This memory of Santiago when he arm wrestled the famous negro from Cienfuegos is actually a very moving part of the book, as it shows Santiago in his younger, stronger days. What is so moving about it is that the text deliberately suggests Santiago summons this memory in order to strengthen his resolve and courage in the current struggle that he faces. Note what the text says:
As the sun set he remembered, to give himself more confidence, the time in the tavern at Casablanca when he had played the hand game with the great negro from Cienfuegos who was the strongest man on the docks. They had gone one day and one night with their elbows on a chalk line on the table and their forearms straight up and their hands gripped tight.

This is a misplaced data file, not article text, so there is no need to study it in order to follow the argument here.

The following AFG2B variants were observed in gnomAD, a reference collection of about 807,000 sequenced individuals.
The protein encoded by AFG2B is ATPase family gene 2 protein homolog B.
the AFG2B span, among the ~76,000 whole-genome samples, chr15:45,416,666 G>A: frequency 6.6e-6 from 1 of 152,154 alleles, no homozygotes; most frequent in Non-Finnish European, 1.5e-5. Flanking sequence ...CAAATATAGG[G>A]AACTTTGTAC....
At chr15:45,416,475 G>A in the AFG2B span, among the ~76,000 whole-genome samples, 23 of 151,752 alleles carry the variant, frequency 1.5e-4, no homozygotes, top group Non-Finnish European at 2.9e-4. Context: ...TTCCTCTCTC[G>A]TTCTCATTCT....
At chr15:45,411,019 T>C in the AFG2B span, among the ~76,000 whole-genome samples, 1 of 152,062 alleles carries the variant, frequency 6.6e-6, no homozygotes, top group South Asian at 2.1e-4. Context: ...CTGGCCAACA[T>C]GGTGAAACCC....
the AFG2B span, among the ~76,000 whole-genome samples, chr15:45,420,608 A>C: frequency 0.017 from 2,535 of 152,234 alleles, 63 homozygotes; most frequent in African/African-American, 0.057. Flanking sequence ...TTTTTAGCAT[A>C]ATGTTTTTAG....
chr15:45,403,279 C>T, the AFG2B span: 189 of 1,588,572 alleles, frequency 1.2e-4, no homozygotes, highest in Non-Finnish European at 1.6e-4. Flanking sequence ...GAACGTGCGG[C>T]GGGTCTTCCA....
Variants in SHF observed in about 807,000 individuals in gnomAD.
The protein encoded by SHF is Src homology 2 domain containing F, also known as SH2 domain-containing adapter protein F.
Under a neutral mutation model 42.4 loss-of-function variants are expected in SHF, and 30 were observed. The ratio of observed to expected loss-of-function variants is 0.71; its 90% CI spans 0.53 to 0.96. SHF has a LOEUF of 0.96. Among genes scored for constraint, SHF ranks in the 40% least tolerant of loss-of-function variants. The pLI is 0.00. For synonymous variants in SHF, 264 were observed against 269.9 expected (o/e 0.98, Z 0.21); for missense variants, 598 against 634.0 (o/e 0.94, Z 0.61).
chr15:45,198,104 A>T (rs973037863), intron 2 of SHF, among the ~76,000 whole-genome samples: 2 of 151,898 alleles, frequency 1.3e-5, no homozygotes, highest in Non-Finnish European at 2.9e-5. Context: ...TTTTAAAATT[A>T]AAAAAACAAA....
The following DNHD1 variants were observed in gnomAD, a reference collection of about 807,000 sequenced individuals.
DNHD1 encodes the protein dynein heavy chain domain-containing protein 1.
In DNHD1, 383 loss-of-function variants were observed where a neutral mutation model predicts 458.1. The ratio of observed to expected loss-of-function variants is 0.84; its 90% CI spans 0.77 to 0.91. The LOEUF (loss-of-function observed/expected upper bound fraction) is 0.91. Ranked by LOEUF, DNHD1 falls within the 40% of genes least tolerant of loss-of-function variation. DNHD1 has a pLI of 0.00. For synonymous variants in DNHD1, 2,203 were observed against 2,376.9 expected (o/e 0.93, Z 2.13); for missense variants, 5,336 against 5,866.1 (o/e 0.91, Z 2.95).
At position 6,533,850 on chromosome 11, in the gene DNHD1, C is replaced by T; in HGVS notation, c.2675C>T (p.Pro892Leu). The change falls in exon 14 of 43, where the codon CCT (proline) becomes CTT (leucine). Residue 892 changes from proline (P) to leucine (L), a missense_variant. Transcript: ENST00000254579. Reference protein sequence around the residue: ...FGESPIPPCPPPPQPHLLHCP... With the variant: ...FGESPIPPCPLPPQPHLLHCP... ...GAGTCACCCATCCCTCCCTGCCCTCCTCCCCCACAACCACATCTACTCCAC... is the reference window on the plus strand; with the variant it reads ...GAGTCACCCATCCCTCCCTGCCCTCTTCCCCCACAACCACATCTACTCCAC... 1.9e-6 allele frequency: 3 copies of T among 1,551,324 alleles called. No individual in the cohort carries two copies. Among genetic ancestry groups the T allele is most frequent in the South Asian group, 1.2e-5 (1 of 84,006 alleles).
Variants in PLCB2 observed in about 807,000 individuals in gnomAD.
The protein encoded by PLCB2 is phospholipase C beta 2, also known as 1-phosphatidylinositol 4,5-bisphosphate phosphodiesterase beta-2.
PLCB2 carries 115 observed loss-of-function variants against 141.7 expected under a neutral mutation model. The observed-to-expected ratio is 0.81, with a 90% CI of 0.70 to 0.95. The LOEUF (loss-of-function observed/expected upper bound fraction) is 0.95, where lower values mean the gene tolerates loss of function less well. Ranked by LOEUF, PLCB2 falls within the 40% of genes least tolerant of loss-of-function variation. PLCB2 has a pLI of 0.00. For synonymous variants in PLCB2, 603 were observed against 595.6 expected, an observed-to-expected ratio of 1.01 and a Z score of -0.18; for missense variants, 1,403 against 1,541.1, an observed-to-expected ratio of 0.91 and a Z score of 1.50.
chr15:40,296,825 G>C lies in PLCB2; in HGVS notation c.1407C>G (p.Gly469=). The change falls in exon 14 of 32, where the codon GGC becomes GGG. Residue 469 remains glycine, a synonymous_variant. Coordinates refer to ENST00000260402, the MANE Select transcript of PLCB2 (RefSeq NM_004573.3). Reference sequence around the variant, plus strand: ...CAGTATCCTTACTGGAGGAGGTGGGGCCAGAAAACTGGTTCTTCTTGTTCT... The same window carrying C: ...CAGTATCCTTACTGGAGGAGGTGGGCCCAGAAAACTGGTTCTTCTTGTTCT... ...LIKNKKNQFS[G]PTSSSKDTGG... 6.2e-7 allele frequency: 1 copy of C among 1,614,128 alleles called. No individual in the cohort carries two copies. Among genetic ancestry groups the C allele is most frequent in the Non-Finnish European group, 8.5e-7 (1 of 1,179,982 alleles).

The phrase "to give himself more confidence," draws a parallel between the struggle in the past he faced and the struggle in the present that he faces now. Just as Santiago had his arm locked with the negro's arm in the past struggle, so now his arms are locked as he faces his present struggle with the fish that he is trying to bring in and kill. The overall impression we receive of Santiago is an incredibly determined and resolute man who is not used to giving up, and who has immense patience and fortitude. This impresses the reader immensely, and the text presents Santiago in a way that the reader can only admire and be in awe at.